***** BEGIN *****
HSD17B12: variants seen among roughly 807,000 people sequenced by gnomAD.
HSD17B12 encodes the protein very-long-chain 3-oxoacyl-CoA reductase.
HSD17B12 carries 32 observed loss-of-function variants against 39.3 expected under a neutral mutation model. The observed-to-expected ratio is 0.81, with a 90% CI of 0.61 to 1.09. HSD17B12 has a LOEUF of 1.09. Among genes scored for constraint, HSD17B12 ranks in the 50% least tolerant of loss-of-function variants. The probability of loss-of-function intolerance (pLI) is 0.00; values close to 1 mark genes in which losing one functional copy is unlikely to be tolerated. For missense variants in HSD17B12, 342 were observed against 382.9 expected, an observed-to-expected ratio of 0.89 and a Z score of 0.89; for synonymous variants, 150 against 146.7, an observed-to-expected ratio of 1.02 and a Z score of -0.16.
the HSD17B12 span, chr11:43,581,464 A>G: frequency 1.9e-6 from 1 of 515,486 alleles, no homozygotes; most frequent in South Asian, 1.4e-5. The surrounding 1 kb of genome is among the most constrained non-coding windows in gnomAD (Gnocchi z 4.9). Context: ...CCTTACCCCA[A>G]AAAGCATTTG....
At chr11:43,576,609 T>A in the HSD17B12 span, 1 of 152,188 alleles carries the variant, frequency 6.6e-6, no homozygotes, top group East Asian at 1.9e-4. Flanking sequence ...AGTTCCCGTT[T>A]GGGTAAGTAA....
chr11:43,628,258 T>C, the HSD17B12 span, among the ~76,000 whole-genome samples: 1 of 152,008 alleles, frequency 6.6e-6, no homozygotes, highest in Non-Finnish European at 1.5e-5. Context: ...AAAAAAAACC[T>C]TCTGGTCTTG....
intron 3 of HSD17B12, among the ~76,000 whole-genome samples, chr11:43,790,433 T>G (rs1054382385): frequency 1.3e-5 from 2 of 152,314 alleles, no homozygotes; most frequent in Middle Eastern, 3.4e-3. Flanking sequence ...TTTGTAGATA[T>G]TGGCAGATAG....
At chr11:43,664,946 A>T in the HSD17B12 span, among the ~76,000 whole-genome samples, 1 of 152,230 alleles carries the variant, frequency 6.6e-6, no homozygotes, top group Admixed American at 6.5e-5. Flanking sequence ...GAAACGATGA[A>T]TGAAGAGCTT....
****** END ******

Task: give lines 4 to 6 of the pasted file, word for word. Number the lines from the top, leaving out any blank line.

the HSD17B12 span, chr11:43,581,464 A>G: frequency 1.9e-6 from 1 of 515,486 alleles, no homozygotes; most frequent in South Asian, 1.4e-5. The surrounding 1 kb of genome is among the most constrained non-coding windows in gnomAD (Gnocchi z 4.9). Context: ...CCTTACCCCA[A>G]AAAGCATTTG....
At chr11:43,576,609 T>A in the HSD17B12 span, 1 of 152,188 alleles carries the variant, frequency 6.6e-6, no homozygotes, top group East Asian at 1.9e-4. Flanking sequence ...AGTTCCCGTT[T>A]GGGTAAGTAA....
chr11:43,628,258 T>C, the HSD17B12 span, among the ~76,000 whole-genome samples: 1 of 152,008 alleles, frequency 6.6e-6, no homozygotes, highest in Non-Finnish European at 1.5e-5. Context: ...AAAAAAAACC[T>C]TCTGGTCTTG....